After several conversations about this matter with frontline workers the answer seems to lie in their desire to continue to be seen as a charity first and foremost. They resist going further down the road towards structuring themselves as a business because they don’t want to be perceived as such by the people they work with. For example, one member organisation has been looking at creating a ghost company. The idea would be to invoice the charity whenever it needs extraordinary external services or advice such as paying for legal services or HR support. At the moment it can’t fundraise for these things; Government and trusts, donors and foundations are only prepared to fund “frontline service delivery”, not the back office costs and management that enables them to run a professional organisation. In the end the trustees have rejected this as they felt it wasn’t transparent; however expected this kind of creative accountancy might be in other sectors, they felt it was compromising something integral to them as a charity.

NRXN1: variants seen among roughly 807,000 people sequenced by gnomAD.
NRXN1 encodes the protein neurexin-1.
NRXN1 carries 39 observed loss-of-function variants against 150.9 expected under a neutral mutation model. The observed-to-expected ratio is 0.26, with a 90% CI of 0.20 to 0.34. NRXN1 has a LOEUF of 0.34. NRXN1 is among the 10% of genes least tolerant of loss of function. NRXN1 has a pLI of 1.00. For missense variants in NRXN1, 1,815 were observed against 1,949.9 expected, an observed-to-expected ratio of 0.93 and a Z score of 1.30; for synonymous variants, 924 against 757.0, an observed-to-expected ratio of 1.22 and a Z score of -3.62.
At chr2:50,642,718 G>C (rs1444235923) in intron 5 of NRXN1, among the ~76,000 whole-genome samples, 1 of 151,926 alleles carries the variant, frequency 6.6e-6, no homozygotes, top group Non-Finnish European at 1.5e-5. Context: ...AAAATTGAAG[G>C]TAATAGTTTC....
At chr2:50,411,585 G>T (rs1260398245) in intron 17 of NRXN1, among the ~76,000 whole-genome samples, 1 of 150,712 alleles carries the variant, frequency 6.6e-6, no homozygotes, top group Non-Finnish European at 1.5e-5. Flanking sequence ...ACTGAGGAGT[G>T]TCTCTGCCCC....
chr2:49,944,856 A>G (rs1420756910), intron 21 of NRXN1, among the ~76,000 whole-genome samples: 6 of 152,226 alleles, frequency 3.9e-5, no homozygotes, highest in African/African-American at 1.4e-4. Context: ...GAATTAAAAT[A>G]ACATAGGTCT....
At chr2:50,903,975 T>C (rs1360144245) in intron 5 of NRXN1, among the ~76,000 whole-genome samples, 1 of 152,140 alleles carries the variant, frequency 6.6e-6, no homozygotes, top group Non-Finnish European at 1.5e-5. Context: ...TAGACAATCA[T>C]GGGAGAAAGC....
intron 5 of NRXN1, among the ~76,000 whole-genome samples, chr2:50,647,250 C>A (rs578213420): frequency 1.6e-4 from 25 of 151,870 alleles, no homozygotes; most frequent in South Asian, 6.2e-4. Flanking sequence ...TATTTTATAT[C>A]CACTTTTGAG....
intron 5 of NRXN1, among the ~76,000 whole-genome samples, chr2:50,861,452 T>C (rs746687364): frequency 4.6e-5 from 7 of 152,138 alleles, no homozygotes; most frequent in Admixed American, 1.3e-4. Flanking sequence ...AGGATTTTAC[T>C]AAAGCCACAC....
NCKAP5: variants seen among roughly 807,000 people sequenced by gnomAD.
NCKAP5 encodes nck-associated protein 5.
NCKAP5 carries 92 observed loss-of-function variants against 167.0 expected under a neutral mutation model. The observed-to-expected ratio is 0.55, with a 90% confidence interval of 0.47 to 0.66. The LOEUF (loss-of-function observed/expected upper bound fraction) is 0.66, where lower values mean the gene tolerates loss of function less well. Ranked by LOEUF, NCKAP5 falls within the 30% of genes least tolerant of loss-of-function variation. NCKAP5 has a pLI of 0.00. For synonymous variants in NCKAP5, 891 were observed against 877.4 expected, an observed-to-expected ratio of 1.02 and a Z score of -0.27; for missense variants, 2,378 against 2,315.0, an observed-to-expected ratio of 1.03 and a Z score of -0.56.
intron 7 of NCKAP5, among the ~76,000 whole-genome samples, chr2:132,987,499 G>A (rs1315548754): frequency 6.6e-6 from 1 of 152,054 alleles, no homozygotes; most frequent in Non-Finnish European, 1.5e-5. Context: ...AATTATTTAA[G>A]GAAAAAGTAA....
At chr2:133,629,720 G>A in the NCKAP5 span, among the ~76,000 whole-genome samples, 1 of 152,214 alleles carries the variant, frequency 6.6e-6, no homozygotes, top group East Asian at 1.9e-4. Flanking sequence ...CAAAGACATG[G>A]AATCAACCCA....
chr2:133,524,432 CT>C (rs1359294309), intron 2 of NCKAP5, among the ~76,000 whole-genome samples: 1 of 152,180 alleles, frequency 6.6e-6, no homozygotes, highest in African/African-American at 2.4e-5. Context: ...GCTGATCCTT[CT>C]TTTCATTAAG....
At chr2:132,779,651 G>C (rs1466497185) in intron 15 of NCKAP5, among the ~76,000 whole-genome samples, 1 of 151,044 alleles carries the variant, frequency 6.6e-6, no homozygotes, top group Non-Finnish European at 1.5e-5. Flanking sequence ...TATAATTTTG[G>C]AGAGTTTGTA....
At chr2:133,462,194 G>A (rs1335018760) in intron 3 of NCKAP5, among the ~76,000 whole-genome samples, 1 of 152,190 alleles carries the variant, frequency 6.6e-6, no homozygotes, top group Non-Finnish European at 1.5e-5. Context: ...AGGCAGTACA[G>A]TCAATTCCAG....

So, to what extent has “social enterprise” become a way of sidestepping some of these very real issues about practice, accountability and what it means to do good in the world? Is there something innately patronising and dependent about charitable work? Or is that just about how we have come to see philanthropy in a culture that encourages us to think of ourselves as economic units entitled to a high degree independence from one another? Are we sceptical about the impact of charities, but reassured by the apparent “measurability” of business models?

And for me, the really burning issue; how can small community charities take the best of business practice without losing sight of their values and damaging the bonds of trust that voluntary groups rely on?

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How will this affect your organisation? Have you considered it during your strategic planning? Can you share any interesting relevant links?